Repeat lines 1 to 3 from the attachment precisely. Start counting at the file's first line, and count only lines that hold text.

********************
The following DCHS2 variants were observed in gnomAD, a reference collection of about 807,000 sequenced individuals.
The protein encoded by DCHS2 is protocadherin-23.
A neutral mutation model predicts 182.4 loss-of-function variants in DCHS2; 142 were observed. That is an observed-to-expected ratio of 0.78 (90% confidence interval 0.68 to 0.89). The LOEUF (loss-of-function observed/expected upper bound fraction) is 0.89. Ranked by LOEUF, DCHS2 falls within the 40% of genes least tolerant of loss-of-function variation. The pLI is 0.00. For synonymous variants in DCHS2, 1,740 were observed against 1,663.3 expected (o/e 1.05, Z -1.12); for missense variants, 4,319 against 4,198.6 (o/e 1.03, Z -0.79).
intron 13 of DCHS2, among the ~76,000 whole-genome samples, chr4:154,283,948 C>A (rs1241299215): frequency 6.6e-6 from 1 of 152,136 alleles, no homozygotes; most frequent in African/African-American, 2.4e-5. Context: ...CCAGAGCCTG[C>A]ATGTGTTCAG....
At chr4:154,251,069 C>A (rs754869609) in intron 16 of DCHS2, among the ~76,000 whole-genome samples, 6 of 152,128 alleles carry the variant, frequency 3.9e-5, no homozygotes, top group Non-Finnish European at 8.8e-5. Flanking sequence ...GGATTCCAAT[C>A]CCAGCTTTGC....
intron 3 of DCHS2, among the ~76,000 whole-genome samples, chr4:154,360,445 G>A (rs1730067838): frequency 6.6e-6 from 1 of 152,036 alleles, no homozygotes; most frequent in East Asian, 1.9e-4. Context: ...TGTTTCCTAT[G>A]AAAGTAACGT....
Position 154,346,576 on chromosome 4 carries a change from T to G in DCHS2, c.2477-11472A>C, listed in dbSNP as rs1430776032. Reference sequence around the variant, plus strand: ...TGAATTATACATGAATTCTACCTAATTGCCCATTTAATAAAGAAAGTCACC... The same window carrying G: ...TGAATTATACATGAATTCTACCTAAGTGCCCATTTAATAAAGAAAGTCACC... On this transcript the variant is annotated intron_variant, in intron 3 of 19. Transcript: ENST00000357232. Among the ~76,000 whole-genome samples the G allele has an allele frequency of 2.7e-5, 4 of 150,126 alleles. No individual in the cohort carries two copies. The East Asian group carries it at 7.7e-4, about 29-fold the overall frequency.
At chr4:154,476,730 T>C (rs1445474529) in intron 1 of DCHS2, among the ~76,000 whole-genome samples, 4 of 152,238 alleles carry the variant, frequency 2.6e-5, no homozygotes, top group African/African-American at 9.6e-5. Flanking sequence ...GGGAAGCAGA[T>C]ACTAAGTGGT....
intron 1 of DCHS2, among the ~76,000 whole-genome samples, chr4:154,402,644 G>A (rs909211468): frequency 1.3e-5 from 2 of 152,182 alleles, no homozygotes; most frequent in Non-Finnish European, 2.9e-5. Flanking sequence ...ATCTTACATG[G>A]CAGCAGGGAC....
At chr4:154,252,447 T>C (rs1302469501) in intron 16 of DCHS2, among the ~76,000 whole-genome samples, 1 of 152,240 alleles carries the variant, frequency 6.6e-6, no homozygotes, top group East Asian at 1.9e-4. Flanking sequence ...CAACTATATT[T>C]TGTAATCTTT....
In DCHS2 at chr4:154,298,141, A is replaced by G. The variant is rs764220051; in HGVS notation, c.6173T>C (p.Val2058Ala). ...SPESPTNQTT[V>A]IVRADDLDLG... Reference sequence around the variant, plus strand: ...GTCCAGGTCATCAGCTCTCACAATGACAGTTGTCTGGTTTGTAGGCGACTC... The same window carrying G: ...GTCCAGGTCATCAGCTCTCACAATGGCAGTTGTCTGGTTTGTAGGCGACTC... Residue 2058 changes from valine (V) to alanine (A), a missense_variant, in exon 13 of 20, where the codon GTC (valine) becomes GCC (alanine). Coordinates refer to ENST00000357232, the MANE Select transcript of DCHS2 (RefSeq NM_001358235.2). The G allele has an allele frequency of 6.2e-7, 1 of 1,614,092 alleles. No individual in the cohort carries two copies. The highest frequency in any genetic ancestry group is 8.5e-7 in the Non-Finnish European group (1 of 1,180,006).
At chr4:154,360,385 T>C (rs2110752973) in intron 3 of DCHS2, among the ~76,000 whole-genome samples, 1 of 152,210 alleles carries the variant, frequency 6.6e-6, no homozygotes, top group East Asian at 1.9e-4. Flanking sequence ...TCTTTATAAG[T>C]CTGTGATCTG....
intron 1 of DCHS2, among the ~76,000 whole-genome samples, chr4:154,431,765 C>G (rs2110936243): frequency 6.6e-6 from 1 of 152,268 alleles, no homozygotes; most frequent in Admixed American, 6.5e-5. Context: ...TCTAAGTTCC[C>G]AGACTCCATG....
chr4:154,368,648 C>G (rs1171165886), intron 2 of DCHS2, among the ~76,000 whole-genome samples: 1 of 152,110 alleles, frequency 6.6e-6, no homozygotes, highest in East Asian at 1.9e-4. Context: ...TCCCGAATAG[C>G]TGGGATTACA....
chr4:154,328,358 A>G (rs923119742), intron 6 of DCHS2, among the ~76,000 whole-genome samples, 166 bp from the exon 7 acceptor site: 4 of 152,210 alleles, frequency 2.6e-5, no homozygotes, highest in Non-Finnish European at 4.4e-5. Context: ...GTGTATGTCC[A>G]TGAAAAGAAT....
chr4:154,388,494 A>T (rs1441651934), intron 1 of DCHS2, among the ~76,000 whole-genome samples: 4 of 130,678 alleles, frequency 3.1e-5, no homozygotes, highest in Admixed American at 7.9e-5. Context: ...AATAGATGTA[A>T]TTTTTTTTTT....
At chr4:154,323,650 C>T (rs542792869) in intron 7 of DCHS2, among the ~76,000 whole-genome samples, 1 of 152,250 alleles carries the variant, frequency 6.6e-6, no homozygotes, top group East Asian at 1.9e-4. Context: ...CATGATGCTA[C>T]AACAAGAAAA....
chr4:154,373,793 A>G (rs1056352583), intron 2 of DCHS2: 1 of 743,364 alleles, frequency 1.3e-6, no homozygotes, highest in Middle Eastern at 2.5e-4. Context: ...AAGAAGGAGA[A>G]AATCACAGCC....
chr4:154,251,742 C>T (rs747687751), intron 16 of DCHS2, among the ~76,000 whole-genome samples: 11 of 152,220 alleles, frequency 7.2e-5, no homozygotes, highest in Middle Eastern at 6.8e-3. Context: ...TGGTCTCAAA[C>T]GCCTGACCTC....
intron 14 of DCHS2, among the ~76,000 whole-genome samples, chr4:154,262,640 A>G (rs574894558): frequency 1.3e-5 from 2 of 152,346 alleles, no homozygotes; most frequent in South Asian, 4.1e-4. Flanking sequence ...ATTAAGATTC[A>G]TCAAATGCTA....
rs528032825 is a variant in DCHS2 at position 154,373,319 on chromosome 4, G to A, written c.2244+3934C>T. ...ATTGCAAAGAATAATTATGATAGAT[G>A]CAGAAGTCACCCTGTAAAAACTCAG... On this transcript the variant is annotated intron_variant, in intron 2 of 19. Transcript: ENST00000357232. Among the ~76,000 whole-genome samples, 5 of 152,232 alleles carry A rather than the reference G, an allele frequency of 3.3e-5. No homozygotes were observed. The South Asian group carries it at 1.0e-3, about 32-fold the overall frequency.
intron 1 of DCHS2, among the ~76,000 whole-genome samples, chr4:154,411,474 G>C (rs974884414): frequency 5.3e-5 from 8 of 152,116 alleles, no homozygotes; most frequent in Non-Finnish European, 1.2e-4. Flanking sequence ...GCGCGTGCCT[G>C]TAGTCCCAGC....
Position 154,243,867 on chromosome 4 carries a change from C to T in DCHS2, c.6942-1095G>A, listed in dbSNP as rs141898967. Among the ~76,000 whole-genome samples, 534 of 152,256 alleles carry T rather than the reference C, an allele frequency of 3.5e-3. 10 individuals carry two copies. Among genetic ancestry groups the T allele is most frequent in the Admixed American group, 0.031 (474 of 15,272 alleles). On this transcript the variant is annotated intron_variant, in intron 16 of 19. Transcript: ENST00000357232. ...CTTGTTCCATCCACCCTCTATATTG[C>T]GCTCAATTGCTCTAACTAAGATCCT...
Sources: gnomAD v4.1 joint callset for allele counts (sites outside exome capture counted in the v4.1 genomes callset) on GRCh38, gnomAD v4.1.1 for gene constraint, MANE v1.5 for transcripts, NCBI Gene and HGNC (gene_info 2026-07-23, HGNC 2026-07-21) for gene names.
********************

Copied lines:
The following DCHS2 variants were observed in gnomAD, a reference collection of about 807,000 sequenced individuals.
The protein encoded by DCHS2 is protocadherin-23.
A neutral mutation model predicts 182.4 loss-of-function variants in DCHS2; 142 were observed. That is an observed-to-expected ratio of 0.78 (90% confidence interval 0.68 to 0.89). The LOEUF (loss-of-function observed/expected upper bound fraction) is 0.89. Ranked by LOEUF, DCHS2 falls within the 40% of genes least tolerant of loss-of-function variation. The pLI is 0.00. For synonymous variants in DCHS2, 1,740 were observed against 1,663.3 expected (o/e 1.05, Z -1.12); for missense variants, 4,319 against 4,198.6 (o/e 1.03, Z -0.79).